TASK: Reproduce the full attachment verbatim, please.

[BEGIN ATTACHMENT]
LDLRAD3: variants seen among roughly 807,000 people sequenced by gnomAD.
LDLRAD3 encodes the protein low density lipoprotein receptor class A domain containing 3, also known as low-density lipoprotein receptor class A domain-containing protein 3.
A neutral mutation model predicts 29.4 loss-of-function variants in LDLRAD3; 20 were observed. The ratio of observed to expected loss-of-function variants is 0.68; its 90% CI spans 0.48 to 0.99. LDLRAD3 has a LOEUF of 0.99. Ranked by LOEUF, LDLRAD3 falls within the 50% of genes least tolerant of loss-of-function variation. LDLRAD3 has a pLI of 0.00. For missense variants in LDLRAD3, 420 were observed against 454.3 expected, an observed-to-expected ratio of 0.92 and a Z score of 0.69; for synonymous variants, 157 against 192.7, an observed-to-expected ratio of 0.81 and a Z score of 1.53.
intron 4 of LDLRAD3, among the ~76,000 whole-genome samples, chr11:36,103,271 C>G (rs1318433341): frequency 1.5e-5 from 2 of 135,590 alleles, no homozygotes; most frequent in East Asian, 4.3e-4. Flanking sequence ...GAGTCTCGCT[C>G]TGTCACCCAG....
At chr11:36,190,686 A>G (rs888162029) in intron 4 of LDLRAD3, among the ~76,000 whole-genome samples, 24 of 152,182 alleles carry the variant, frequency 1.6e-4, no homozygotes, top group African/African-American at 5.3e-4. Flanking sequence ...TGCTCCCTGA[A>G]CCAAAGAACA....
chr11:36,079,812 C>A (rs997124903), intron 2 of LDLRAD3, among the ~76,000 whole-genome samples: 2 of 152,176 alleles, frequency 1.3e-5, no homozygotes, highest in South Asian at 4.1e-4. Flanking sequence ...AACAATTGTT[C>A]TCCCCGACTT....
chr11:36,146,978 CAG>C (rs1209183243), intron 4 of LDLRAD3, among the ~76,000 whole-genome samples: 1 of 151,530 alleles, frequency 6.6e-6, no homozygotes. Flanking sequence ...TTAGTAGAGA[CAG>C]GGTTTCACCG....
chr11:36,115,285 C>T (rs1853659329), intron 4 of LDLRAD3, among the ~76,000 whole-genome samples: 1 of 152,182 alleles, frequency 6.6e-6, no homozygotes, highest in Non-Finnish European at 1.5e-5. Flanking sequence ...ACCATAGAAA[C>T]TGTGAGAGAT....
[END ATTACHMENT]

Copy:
LDLRAD3: variants seen among roughly 807,000 people sequenced by gnomAD.
LDLRAD3 encodes the protein low density lipoprotein receptor class A domain containing 3, also known as low-density lipoprotein receptor class A domain-containing protein 3.
A neutral mutation model predicts 29.4 loss-of-function variants in LDLRAD3; 20 were observed. The ratio of observed to expected loss-of-function variants is 0.68; its 90% CI spans 0.48 to 0.99. LDLRAD3 has a LOEUF of 0.99. Ranked by LOEUF, LDLRAD3 falls within the 50% of genes least tolerant of loss-of-function variation. LDLRAD3 has a pLI of 0.00. For missense variants in LDLRAD3, 420 were observed against 454.3 expected, an observed-to-expected ratio of 0.92 and a Z score of 0.69; for synonymous variants, 157 against 192.7, an observed-to-expected ratio of 0.81 and a Z score of 1.53.
intron 4 of LDLRAD3, among the ~76,000 whole-genome samples, chr11:36,103,271 C>G (rs1318433341): frequency 1.5e-5 from 2 of 135,590 alleles, no homozygotes; most frequent in East Asian, 4.3e-4. Flanking sequence ...GAGTCTCGCT[C>G]TGTCACCCAG....
At chr11:36,190,686 A>G (rs888162029) in intron 4 of LDLRAD3, among the ~76,000 whole-genome samples, 24 of 152,182 alleles carry the variant, frequency 1.6e-4, no homozygotes, top group African/African-American at 5.3e-4. Flanking sequence ...TGCTCCCTGA[A>G]CCAAAGAACA....
chr11:36,079,812 C>A (rs997124903), intron 2 of LDLRAD3, among the ~76,000 whole-genome samples: 2 of 152,176 alleles, frequency 1.3e-5, no homozygotes, highest in South Asian at 4.1e-4. Flanking sequence ...AACAATTGTT[C>A]TCCCCGACTT....
chr11:36,146,978 CAG>C (rs1209183243), intron 4 of LDLRAD3, among the ~76,000 whole-genome samples: 1 of 151,530 alleles, frequency 6.6e-6, no homozygotes. Flanking sequence ...TTAGTAGAGA[CAG>C]GGTTTCACCG....
chr11:36,115,285 C>T (rs1853659329), intron 4 of LDLRAD3, among the ~76,000 whole-genome samples: 1 of 152,182 alleles, frequency 6.6e-6, no homozygotes, highest in Non-Finnish European at 1.5e-5. Flanking sequence ...ACCATAGAAA[C>T]TGTGAGAGAT....